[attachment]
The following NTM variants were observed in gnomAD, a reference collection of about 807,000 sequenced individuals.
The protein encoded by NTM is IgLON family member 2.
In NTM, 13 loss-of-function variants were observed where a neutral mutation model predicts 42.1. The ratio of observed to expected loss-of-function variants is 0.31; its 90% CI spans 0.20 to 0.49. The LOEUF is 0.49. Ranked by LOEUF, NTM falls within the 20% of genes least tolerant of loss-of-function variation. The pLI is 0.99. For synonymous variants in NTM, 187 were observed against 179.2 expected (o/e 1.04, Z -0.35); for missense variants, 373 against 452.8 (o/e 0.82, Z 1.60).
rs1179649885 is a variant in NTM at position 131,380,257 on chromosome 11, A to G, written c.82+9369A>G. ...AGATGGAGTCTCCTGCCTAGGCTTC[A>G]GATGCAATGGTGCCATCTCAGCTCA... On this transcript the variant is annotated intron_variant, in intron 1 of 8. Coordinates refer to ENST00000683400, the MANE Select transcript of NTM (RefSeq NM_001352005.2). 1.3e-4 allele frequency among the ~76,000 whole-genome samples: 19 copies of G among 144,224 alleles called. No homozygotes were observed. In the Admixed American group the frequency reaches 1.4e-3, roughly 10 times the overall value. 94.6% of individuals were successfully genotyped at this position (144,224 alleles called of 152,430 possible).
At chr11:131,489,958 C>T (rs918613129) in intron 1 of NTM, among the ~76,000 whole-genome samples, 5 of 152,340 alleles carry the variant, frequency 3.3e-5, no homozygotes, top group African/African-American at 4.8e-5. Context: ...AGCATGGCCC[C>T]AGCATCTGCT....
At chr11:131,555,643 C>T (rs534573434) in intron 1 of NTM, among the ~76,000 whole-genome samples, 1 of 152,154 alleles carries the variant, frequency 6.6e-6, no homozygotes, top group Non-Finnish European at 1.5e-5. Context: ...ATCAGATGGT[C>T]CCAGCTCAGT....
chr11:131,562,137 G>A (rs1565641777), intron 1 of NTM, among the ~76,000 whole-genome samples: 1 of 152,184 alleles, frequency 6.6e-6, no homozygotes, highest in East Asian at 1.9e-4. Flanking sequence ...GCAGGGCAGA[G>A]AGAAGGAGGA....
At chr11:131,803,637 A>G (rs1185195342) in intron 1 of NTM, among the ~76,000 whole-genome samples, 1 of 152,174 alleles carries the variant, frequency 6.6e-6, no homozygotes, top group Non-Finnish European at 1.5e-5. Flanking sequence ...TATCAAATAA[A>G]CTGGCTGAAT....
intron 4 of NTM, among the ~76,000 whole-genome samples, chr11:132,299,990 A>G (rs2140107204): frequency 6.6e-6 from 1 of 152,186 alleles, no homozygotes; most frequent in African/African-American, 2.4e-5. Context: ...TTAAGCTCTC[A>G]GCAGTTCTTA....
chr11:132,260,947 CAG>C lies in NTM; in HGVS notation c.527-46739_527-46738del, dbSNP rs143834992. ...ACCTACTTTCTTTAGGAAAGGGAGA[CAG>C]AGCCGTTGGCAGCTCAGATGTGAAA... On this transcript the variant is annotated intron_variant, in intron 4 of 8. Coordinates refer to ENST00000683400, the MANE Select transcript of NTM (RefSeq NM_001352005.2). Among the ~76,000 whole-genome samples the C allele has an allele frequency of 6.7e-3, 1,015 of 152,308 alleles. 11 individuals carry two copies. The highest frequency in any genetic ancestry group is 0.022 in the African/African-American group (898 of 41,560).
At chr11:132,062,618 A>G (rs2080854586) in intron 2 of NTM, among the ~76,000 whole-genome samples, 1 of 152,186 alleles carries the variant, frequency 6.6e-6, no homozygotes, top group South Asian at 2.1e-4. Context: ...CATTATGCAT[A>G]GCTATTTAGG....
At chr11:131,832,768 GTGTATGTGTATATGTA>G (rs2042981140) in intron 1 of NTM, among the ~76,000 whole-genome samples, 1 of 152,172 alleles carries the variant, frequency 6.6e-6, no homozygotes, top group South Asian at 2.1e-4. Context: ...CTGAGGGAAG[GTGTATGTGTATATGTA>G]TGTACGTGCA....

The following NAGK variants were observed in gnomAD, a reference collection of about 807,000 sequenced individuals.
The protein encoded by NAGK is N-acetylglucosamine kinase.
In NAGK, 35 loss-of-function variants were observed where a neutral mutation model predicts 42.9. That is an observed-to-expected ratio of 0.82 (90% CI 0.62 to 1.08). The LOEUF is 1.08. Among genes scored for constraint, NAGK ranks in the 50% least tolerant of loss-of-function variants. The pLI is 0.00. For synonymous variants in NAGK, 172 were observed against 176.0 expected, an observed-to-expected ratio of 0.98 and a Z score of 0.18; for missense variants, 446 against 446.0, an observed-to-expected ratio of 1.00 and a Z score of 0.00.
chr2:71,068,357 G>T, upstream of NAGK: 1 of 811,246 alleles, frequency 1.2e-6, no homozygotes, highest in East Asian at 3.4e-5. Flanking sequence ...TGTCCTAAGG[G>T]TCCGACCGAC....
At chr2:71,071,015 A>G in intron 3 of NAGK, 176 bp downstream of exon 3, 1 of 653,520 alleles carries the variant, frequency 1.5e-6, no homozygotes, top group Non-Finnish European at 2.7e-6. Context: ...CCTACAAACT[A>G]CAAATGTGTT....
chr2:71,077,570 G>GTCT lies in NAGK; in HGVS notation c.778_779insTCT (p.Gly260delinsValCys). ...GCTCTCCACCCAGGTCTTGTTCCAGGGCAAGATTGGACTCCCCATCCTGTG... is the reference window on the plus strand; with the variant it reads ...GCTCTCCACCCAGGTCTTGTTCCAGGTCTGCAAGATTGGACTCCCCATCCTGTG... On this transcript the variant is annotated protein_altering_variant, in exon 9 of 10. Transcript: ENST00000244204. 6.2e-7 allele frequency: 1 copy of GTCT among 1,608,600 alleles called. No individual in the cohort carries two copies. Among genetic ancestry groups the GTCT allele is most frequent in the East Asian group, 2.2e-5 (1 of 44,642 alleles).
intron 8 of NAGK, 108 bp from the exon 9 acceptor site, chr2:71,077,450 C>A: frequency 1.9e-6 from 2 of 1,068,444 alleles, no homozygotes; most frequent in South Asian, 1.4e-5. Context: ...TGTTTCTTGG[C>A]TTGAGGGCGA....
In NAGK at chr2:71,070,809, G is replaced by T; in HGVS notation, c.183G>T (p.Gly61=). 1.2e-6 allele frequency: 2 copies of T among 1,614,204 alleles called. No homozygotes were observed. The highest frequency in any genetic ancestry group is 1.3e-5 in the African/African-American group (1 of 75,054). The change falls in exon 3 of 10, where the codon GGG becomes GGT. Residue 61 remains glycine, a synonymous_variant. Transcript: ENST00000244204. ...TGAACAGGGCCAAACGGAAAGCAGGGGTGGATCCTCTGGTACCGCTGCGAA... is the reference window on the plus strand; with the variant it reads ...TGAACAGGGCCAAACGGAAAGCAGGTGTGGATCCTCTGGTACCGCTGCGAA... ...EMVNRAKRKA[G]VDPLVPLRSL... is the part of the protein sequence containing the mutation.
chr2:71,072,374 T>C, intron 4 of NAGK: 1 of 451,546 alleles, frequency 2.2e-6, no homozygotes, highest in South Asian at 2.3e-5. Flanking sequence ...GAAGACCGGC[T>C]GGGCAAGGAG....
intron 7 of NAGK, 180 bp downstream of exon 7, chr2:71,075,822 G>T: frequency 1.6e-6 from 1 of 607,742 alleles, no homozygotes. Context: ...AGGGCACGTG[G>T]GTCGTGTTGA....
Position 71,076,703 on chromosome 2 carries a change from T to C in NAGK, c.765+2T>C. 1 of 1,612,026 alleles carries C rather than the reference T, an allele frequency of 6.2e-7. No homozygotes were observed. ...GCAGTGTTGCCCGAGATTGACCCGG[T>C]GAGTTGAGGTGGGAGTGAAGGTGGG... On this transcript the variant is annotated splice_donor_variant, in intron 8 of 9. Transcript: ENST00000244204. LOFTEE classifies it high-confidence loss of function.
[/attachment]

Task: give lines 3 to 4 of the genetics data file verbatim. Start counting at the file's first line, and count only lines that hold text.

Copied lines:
In NTM, 13 loss-of-function variants were observed where a neutral mutation model predicts 42.1. The ratio of observed to expected loss-of-function variants is 0.31; its 90% CI spans 0.20 to 0.49. The LOEUF is 0.49. Ranked by LOEUF, NTM falls within the 20% of genes least tolerant of loss-of-function variation. The pLI is 0.99. For synonymous variants in NTM, 187 were observed against 179.2 expected (o/e 1.04, Z -0.35); for missense variants, 373 against 452.8 (o/e 0.82, Z 1.60).
rs1179649885 is a variant in NTM at position 131,380,257 on chromosome 11, A to G, written c.82+9369A>G. ...AGATGGAGTCTCCTGCCTAGGCTTC[A>G]GATGCAATGGTGCCATCTCAGCTCA... On this transcript the variant is annotated intron_variant, in intron 1 of 8. Coordinates refer to ENST00000683400, the MANE Select transcript of NTM (RefSeq NM_001352005.2). 1.3e-4 allele frequency among the ~76,000 whole-genome samples: 19 copies of G among 144,224 alleles called. No homozygotes were observed. In the Admixed American group the frequency reaches 1.4e-3, roughly 10 times the overall value. 94.6% of individuals were successfully genotyped at this position (144,224 alleles called of 152,430 possible).